Although Fiber Lasers are being introduced to many applications at this time, most engraving lasers are of two varieties, CO2 & Q-Switched Nd:YAG.
If you are engraving in wood, plastic, paper,or glass (most organic materials) the usual choice is a CO2 laser. A CO2 generates a beam at 10.6 micrometers wavelength. This wavelength reacts better with these materials.
If you are engraving in dark anodized aluminum, either a CO2 or a Nd:YAG works well.
For metals, the common choice is a Q-switched Nd:YAG. These metals include aluminum, tool steel, stainless steel, soft steel, etc. A Nd:YAG laser produce a beam at 1064 nanometers. This is approximately 1/10 of the wavelength of a CO2 laser. Partly because of this wavelength reacts better with these materials, partly because at 1/10 the wavelength you can focus the laser to a smaller spot size and partly because of the Q-switching, Nd:YAG lasers are used for engraving metals. (Q-Switching is a method of quickly turning the beam on and off. By doing this, a laser beam with high peak power is created.) It is the wavelength, the spot size and the high peak power that allow the Nd:YAG laser beam to dig into metals.
Lasers are used for cutting many non-metal materials like acrylic, glass, wood, leather and rubber. They are also used for metals both ferrous and non-ferrous.
When cutting materials, there are a number of things to consider as follows:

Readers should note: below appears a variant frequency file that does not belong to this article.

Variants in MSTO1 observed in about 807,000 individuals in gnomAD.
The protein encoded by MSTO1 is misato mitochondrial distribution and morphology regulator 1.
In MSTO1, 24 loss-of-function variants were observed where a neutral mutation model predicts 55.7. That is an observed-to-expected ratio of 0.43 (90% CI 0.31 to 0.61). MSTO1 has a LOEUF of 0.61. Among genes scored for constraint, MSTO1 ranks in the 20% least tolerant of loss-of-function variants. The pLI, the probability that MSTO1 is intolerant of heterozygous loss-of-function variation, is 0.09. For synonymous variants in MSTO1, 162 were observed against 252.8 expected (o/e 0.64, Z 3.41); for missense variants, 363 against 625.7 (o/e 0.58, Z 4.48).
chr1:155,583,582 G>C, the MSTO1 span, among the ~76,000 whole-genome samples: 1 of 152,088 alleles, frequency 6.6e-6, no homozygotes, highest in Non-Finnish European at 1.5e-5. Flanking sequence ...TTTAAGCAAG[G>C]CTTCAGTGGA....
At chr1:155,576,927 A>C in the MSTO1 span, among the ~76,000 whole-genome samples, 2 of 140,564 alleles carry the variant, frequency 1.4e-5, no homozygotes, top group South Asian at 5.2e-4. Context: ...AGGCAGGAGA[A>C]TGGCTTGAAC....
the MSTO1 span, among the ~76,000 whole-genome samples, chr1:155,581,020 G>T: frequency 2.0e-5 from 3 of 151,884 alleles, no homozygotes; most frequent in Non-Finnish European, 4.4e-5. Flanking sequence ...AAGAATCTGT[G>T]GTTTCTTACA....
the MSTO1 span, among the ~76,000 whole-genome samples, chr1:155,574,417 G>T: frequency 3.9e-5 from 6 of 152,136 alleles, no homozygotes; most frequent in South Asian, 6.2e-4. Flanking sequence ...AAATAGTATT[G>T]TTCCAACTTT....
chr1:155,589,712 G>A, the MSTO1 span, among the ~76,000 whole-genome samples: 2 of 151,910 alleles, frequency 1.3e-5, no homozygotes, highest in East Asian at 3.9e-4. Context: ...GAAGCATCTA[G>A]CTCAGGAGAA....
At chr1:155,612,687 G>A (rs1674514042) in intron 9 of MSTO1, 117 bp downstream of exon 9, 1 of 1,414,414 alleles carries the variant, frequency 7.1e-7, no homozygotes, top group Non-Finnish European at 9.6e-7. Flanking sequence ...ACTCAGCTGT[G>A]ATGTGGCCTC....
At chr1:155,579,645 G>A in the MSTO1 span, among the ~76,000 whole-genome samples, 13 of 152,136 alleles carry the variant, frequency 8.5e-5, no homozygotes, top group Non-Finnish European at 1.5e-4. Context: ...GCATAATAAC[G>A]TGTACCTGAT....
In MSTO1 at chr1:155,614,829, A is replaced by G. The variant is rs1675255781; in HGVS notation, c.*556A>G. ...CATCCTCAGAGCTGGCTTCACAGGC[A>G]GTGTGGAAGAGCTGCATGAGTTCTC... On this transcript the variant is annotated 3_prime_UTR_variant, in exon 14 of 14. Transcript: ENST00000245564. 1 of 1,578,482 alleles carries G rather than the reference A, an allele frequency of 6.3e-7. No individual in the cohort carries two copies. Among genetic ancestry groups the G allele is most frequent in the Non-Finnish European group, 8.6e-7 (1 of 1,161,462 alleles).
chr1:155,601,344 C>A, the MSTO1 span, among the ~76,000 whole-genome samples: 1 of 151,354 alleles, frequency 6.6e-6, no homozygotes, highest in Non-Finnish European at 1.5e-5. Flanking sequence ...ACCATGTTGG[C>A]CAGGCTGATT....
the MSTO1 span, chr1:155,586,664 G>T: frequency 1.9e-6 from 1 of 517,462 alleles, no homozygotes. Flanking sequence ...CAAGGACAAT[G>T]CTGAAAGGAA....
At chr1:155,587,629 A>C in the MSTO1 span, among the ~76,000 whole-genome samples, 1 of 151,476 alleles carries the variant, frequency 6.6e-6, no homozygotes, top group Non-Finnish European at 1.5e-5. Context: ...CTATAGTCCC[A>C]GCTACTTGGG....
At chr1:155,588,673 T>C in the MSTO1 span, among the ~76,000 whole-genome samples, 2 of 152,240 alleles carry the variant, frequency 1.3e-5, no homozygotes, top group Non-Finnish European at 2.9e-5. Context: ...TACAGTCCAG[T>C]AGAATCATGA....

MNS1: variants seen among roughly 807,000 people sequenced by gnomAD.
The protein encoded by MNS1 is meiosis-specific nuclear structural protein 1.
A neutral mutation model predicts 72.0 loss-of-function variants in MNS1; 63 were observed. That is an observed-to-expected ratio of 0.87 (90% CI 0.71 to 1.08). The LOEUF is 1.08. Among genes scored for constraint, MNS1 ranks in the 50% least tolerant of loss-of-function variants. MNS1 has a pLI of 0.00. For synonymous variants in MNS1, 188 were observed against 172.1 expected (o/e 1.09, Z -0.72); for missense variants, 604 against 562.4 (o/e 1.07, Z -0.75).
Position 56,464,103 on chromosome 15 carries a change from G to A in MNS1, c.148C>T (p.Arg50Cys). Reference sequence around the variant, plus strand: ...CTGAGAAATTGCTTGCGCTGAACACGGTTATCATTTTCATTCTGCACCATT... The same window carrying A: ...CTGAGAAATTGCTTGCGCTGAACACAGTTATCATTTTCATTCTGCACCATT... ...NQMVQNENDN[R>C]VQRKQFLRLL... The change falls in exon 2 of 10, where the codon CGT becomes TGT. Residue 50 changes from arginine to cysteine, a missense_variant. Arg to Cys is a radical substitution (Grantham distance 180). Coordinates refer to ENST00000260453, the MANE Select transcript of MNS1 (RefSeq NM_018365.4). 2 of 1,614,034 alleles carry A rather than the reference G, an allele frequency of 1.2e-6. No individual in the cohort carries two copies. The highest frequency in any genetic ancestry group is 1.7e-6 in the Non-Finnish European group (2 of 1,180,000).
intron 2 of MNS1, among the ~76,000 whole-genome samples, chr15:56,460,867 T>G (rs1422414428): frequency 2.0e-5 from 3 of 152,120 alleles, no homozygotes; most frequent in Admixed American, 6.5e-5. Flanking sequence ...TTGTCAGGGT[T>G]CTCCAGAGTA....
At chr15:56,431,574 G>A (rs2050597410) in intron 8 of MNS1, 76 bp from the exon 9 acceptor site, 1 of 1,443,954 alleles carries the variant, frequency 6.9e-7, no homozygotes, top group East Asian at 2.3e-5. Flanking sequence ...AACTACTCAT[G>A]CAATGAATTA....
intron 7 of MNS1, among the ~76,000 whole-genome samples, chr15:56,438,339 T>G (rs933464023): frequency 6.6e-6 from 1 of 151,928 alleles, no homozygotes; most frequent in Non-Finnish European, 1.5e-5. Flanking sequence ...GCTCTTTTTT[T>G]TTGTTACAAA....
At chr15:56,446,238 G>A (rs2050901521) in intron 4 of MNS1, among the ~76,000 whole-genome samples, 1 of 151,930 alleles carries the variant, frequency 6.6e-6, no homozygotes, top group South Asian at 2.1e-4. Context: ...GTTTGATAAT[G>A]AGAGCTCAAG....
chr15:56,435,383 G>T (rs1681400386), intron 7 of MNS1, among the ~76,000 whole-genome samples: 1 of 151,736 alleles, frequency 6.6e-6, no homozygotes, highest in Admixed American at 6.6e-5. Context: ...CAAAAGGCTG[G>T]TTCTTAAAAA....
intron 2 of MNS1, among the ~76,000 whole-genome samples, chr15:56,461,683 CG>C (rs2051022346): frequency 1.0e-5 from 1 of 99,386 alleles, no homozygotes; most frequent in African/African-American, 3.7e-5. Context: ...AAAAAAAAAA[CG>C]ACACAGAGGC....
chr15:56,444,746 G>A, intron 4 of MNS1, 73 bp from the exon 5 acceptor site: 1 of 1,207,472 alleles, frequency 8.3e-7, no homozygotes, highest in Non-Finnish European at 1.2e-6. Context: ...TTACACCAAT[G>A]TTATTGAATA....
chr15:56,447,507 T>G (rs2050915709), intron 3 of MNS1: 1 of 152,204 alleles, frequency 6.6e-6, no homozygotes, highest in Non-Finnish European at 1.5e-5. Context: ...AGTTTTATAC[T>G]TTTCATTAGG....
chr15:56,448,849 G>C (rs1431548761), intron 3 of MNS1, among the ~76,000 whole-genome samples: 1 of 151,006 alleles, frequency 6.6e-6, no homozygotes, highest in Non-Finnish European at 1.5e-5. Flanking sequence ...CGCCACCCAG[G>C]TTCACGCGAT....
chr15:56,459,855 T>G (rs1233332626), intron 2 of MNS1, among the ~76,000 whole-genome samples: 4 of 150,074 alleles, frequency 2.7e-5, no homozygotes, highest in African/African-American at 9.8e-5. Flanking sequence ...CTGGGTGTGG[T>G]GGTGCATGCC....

- (1) The material one is cutting.
- (2) The thickness of the material.
- (3) The speed at which one wants to cut.
Materials are sometimes cut using a Nd:YAG laser but the CO2 is the much more usual laser used...
|Material||Thickness||100 Watt||200 Watt||500 Watt||Assist Gas||Focal Length|
|304 Stainless Steel||.010||N/A||220||440||Oxygen||2.50|
|Low Carbon Steel||.031||N/A||90||180||Oxygen||2.50|
|Glass-Reinforced Polyester Delrin||.225||75||150||300||Nitrogen||2.50|
|The listed cutting speeds are starting values which might need to be modified up or down, depending on the actual material and the desired edge quality. Please note that the assist gas is optional on all materials except steel.|
|Material||Thickness||1500 Watt||2200 Watt||3500 Watt|
(2 point kerf)
|Plastics||Up to 1" thick||To 350||To 400||To 450|
|NOTE: Reduce speed by approximately 20% When using high pressure nitrogen assist.|
The typical laser used for welding is the pulsed Nd:YAG laser. These pulses are longer than the Q-switched pulse of a Nd:YAG engraving laser. Typical pulse widths are 0.5 to 29 milliseconds. Energy per pulse can range from 10 joules or less to 70 joules or more. Some Nd:YAG welders can have pulse shaping networks.
General: When selecting a laser. It is important to get a laser that has enough power and is otherwise suitable for your application. Feel free to contact Laser Resale Inc. for a free consultation.